Trump’s First 100 Days: How Climate Change Fared & What Lies Ahead

For his flip-flopping on all manner of campaign trail promises, President Donald Trump remained steadfastly resolute in the systematic dismantling of the environmental regulations of his predecessors.

While his Mexican wall plans crumbled and his health care reforms were blocked, the unabashed global warming denier and big coal supporter wreaked havoc on the health of the planet in his first 100 days in office, say critics.

“He’s basically unwinding and shredding the safety net we have been building up for 40 years,” Melinda Pierce told The Independent as her two million-strong grassroots environmental organisation, the Sierra Club, prepared for a nationwide protest march.

“What he has set in motion in terms of the impact on climate action and the potential impact on environmental standards is very dangerous.”

The first worrying sign that Trump’s hustings’ hot air was more than empty rhetoric came on his first day of office – an entire section dedicated to climate control was jettisoned from the White House website.

After greenlighting the Dakota Oil pipeline, just days later he revoked a rule allowing coal companies to dump their waste into streams – and things have only gone downhill for the environment from there.

In all Trump reversed course on nearly two dozen rules, regulations and other Obama-era policies during his first 100 days in office, reports The New York Times.


Executive order green-lights overhaul

Not surprisingly, the Environmental Protection Agency [EPA] also found itself squarely in Trump’s cross-hairs.

Almost immediately he accepted the resignation of its Obama-appointed administrator Gina McCarthy, recently replacing her with arguably his most controversial Yes Man of them all, Scott Pruitt.

In all, the raucous supporter of fossil fuel companies sued the EPA more than 14 times to block its regulations while he was attorney general for the oil and gas producing state of Oklahoma, according to The Atlantic.

By signing a sweeping new executive order on March 28, Trump handed Pruitt a mandate to start the complex and lengthy legal process of withdrawing and rewriting the Obama-era Clean Power Plan, which would have closed hundreds of coal-fired power plants, frozen construction of new plants and replaced them with vast new wind and solar farms.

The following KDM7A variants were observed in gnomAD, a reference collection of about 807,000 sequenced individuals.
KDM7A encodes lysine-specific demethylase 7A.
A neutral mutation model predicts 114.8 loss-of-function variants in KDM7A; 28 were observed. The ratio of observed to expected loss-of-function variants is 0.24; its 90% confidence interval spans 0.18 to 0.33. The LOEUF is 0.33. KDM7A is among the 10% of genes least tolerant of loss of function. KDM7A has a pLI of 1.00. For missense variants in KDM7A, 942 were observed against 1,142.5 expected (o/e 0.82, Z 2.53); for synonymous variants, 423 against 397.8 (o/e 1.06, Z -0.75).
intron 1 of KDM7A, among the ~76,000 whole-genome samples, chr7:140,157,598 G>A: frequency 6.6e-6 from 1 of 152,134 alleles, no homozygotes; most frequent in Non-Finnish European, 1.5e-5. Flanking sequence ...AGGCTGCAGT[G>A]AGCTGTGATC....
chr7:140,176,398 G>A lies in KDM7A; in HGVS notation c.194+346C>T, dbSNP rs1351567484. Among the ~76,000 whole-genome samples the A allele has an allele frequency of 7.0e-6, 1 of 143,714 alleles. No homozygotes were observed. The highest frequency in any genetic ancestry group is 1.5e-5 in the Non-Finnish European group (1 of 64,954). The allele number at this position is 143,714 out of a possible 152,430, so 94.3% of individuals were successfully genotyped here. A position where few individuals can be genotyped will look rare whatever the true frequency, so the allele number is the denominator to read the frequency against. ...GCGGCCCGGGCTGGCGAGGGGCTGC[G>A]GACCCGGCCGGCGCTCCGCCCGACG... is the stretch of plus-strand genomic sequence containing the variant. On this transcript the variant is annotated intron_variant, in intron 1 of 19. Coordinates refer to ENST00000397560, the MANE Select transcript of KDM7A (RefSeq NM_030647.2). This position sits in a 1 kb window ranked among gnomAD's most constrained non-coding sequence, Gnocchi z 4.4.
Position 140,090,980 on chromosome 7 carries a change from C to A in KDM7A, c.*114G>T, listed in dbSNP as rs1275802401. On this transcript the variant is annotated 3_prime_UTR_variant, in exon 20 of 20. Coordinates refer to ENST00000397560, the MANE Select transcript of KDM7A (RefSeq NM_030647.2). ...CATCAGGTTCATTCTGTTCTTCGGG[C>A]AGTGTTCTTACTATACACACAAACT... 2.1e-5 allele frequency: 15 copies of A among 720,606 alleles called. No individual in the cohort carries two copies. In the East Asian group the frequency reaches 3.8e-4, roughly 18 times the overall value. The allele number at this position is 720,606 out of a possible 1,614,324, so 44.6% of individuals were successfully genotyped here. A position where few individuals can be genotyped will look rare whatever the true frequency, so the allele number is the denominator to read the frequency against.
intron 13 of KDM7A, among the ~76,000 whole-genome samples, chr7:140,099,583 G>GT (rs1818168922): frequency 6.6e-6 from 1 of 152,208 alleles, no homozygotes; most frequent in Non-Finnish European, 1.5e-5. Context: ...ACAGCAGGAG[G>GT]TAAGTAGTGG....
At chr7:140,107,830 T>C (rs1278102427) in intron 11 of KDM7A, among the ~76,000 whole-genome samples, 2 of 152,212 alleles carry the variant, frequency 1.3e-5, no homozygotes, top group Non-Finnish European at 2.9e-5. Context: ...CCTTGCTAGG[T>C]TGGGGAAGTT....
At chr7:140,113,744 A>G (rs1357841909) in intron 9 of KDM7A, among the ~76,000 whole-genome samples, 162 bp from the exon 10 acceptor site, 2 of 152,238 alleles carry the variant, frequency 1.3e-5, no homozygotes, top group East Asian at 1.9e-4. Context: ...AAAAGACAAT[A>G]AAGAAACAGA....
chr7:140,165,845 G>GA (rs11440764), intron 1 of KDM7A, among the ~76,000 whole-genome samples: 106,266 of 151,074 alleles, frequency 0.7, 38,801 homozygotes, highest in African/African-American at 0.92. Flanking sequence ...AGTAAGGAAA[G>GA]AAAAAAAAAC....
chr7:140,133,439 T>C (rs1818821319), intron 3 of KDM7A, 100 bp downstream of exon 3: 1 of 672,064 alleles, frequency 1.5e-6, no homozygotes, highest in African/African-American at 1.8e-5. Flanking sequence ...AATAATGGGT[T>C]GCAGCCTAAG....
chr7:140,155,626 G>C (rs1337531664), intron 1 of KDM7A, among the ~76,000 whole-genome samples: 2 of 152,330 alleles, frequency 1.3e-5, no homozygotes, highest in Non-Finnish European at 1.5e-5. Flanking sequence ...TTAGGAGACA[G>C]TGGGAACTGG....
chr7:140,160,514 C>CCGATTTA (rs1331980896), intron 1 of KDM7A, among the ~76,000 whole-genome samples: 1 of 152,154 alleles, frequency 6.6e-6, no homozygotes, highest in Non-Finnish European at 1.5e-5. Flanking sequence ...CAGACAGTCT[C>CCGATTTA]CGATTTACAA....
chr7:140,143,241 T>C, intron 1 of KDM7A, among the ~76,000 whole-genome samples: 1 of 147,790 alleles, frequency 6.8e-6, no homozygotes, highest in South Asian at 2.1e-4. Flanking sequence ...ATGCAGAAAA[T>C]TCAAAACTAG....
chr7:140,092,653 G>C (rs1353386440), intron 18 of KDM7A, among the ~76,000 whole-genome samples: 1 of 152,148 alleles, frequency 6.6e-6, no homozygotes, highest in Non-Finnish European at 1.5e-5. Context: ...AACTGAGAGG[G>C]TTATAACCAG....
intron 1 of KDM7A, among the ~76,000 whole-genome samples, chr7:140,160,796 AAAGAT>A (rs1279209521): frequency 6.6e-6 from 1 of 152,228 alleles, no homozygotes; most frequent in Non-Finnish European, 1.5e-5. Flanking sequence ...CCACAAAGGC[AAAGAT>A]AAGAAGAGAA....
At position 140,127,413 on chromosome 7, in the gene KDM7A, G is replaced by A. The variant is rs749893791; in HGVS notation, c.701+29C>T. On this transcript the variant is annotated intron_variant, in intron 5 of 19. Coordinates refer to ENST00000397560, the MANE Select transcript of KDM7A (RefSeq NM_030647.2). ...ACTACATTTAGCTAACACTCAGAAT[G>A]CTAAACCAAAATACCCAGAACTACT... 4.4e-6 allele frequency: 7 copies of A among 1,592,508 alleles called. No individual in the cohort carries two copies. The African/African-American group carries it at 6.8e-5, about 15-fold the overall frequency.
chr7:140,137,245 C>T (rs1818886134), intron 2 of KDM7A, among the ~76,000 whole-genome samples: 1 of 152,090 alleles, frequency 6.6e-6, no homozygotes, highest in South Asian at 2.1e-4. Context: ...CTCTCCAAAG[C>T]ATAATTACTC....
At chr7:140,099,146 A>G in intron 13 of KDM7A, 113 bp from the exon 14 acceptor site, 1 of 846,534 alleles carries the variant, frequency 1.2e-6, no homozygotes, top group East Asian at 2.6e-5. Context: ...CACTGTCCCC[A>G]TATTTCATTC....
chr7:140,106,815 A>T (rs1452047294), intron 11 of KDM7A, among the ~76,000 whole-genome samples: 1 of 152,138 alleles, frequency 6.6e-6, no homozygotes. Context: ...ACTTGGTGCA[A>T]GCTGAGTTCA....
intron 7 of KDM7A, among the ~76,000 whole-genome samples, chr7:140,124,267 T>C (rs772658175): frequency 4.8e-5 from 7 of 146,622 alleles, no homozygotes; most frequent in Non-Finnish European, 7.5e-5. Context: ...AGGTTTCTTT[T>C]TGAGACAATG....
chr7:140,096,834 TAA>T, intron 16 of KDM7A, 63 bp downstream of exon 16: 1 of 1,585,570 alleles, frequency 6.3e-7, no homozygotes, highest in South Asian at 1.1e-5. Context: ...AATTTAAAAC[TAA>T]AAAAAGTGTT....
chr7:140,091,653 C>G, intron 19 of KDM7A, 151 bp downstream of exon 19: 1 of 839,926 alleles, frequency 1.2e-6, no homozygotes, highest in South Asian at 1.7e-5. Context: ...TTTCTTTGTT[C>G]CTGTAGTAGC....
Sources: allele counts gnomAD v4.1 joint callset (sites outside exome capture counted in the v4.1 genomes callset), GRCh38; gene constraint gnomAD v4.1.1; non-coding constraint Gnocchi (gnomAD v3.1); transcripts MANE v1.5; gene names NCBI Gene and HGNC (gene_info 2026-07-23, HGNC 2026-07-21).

“C’mon, fellas. You know what this is? You know what this says?” the president said to the miners present at the signing. “You’re going back to work.”

But no matter what approach Pruitt takes to make good on Trump’s promise, he’ll have to go through the formal rulemaking process, justify the change in court, and survive legal challenges from environmental groups. This could take years to resolve, writes the Vox senior editor Brad Plumer.


Paris agreement decision next

Meanwhile, the most immediate concern for many climate control watchers is whether Trump will also pull out of the Paris climate agreement, a decision he’s expected to finalise by the end of May.

The Washington Post reports that foes of the 2015 U.N. accord, under which the Obama administration pledged to cut U.S. greenhouse gas emissions 26 percent to 28 percent below 2005 levels by 2025, are gaining the upper hand.

But Paul Bledsoe, who served as a climate advisor under Bill Clinton and is now a lecturer at American University’s Centre for Environmental Policy, warned that the administration might face serious pushback if Trump does follow through on pre-election threats.

“The Trump team seems oblivious to the fact that climate protection is now viewed by leading allies and nations as a key measure of moral and diplomatic standing,” he writes in an email.

“The U.S. would be risking pariah status on the international stage by withdrawing from Paris, and even a fig leaf approach of technically staying in the agreement while ignoring most of its provisions would be better than pulling out altogether.”